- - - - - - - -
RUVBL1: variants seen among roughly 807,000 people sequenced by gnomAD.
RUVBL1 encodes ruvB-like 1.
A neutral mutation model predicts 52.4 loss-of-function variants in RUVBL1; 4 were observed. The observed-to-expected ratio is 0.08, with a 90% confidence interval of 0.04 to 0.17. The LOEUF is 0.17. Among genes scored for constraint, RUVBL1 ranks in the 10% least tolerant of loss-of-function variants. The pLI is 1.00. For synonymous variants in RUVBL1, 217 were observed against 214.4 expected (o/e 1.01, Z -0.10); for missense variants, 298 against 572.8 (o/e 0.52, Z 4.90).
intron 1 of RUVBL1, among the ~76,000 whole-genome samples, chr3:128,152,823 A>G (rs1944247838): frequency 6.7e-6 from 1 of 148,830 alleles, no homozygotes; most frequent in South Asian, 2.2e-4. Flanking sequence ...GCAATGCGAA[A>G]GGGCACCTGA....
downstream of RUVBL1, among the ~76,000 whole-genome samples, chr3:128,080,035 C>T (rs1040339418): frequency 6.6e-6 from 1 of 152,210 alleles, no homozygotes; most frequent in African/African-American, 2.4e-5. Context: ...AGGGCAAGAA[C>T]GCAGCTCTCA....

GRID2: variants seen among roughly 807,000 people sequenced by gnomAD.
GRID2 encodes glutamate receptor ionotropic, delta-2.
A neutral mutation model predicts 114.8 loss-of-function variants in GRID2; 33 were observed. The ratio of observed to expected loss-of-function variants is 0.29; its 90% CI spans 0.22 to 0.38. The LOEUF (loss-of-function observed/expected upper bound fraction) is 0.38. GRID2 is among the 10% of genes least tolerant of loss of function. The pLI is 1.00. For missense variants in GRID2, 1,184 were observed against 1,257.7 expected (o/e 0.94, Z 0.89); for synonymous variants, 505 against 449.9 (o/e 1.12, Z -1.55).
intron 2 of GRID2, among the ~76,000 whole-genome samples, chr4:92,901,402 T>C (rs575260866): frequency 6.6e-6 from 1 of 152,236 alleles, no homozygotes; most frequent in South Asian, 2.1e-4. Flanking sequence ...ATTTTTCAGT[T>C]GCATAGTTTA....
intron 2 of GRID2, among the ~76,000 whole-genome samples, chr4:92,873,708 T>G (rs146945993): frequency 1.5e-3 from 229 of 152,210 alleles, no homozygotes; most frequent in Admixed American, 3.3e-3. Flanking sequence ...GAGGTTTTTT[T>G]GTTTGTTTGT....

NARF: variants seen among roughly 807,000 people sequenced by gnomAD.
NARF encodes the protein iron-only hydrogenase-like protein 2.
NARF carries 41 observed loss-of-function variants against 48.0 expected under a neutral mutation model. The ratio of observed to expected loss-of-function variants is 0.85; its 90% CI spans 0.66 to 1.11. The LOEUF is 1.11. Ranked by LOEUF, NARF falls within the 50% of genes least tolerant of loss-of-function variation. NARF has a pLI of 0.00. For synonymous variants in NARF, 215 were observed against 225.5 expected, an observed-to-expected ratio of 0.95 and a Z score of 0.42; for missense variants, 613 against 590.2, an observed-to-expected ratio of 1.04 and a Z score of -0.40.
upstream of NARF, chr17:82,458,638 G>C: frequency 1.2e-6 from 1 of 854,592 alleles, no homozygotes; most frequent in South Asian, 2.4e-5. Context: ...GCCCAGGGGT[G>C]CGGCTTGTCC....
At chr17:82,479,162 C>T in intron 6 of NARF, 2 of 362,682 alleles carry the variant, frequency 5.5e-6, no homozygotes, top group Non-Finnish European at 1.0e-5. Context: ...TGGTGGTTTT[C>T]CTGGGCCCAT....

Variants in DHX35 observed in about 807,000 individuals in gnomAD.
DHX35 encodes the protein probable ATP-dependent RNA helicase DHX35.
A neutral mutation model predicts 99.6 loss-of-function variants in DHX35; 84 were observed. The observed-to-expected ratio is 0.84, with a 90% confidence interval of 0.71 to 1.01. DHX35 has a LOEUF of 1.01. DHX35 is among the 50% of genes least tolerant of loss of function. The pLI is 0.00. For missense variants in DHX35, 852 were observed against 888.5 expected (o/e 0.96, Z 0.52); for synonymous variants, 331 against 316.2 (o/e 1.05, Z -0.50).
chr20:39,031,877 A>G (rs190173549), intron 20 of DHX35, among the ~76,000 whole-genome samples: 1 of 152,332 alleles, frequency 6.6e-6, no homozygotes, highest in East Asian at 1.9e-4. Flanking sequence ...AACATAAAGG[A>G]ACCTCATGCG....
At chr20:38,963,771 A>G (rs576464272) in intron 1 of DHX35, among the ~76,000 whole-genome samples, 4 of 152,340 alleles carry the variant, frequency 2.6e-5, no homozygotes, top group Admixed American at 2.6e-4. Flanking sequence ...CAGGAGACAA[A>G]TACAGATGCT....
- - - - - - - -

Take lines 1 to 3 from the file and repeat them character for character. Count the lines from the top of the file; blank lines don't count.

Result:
RUVBL1: variants seen among roughly 807,000 people sequenced by gnomAD.
RUVBL1 encodes ruvB-like 1.
A neutral mutation model predicts 52.4 loss-of-function variants in RUVBL1; 4 were observed. The observed-to-expected ratio is 0.08, with a 90% confidence interval of 0.04 to 0.17. The LOEUF is 0.17. Among genes scored for constraint, RUVBL1 ranks in the 10% least tolerant of loss-of-function variants. The pLI is 1.00. For synonymous variants in RUVBL1, 217 were observed against 214.4 expected (o/e 1.01, Z -0.10); for missense variants, 298 against 572.8 (o/e 0.52, Z 4.90).